Enamel is the thin outer covering of the tooth. This tough shell is the hardest tissue in the human body. Enamel covers the crown which is the part of the tooth that’s visible outside of the gums.
Because enamel is translucent, you can see light through it. But the main portion of the tooth, the dentin, is the part that’s responsible for your tooth color — whether white, off white, grey, or yellowish.
Sometimes coffee, tea, cola, red wine, fruit juices, and cigarettes stain the enamel on your teeth. Regular visits to your dentist for routine cleaning and polishing can help remove most surface stains and make sure your teeth stay healthy.
What does tooth enamel do?
The enamel helps protect your teeth from daily use such as chewing, biting, crunching, and grinding. Although enamel is a hard protector of teeth, it can chip and crack. Enamel also insulates the teeth from potentially painful temperatures and chemicals.
Causes of enamel erosion
One of the main causes of enamel erosion is acids found in the foods and liquids you consume. Saliva constantly neutralizes acid in your mouth to protect your teeth. But if you eat too much acidic food and drink and don’t properly brush your teeth, the outer layer of enamel will degrade over time.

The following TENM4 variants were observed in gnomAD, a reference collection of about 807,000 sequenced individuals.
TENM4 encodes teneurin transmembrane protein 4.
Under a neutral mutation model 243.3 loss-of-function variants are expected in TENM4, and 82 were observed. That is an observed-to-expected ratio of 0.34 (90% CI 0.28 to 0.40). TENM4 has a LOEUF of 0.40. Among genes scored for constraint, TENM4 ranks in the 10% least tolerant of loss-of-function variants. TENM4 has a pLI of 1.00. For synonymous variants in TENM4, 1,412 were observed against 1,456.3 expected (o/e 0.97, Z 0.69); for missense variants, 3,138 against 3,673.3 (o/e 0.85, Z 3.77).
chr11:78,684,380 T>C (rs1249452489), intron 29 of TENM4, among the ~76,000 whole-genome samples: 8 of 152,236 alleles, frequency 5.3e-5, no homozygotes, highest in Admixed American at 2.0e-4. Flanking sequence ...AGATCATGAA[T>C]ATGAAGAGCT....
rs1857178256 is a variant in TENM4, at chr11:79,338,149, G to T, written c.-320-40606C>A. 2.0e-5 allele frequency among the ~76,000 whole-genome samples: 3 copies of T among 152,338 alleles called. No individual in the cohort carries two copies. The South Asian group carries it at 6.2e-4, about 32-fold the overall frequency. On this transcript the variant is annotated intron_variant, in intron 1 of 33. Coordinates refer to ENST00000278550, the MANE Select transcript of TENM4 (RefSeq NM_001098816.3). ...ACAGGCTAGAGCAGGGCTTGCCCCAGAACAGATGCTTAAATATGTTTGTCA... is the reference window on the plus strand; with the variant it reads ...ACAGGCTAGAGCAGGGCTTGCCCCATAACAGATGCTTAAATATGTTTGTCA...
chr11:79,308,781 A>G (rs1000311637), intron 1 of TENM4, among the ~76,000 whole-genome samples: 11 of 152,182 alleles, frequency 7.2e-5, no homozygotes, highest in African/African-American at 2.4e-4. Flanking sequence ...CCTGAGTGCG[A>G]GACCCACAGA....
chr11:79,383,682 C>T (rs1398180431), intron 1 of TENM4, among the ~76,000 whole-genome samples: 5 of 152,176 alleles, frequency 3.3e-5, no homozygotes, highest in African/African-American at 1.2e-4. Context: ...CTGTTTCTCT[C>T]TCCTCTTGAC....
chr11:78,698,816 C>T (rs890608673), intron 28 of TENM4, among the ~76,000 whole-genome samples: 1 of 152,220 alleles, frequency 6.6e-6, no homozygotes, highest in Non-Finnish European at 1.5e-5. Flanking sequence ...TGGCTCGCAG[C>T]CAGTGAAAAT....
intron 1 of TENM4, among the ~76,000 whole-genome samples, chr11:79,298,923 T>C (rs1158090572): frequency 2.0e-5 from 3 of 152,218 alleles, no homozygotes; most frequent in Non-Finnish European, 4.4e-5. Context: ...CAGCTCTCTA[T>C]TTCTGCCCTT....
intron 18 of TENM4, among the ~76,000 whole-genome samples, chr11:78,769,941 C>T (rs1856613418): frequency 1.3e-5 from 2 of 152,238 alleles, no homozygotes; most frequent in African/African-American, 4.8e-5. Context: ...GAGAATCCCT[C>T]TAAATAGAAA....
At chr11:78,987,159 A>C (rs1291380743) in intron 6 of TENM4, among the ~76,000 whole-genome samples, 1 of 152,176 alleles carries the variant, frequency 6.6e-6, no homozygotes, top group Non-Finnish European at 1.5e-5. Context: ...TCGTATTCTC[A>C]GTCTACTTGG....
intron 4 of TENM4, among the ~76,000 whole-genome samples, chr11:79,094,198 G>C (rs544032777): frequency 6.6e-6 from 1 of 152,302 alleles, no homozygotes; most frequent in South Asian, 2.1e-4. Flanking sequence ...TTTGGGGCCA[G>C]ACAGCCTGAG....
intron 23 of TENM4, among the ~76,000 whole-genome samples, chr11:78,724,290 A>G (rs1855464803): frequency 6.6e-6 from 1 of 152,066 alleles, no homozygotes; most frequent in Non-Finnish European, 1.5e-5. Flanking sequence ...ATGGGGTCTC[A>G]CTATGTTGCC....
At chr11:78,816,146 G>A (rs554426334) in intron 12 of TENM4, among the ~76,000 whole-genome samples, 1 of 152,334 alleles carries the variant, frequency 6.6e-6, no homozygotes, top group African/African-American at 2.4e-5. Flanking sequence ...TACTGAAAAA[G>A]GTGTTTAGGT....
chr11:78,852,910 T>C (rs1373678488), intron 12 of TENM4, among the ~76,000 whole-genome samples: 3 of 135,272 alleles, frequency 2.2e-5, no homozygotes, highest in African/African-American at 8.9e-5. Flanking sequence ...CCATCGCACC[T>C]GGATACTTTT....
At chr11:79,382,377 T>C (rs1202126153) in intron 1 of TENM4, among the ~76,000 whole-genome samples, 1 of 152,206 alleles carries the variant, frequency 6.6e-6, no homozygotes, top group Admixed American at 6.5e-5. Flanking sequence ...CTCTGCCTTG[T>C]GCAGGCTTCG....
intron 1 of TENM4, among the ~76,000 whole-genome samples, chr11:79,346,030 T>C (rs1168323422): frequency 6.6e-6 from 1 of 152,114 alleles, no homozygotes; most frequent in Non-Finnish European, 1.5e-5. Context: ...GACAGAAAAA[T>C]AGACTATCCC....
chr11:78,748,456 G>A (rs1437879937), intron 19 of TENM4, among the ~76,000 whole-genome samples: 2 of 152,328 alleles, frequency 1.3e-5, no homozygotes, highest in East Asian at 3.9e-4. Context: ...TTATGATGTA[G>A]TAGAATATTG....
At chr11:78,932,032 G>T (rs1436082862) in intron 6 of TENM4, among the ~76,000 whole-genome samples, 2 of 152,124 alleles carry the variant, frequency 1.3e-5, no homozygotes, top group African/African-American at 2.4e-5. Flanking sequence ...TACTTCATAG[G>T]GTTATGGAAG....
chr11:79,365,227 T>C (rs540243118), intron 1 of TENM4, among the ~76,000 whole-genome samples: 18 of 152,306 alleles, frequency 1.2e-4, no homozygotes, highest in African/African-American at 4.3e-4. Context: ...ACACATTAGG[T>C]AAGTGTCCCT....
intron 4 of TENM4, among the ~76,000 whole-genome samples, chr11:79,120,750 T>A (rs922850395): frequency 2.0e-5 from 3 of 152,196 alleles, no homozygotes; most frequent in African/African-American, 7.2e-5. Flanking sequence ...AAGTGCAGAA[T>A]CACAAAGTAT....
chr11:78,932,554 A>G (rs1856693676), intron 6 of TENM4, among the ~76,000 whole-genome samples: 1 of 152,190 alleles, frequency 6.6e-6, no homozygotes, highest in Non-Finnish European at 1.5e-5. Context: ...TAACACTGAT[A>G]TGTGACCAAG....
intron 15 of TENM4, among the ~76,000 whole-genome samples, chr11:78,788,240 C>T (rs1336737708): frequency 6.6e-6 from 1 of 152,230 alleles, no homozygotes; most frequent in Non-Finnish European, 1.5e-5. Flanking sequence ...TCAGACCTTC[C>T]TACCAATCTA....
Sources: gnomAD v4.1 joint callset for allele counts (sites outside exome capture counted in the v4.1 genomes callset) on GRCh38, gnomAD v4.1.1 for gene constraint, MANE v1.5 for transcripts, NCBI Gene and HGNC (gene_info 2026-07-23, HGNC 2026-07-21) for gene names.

Enamel erosion can be caused by what you eat, particularly:
- sugary foods, such as ice cream, syrups, and caramel
- starchy foods, such as white bread
- acidic foods, such as apples, citrus fruits, berries, and rhubarb
- fruit drinks and juices
- sodas, which typically contain damaging citric acid and phosphoric acid in addition to sugar
- excess vitamin C, found in citrus fruits
Other causes of enamel erosion include:
- teeth grinding
- chronic acid reflux, also known as gastroesophageal reflux disease (GERD)
- low salivary flow, also known as xerostomia, which is a symptom of conditions such as diabetes
- regular use of certain medications, such as antihistamines and aspirin
- eating disorders like bulimia, which disrupts the digestive system and exposes teeth to stomach acid.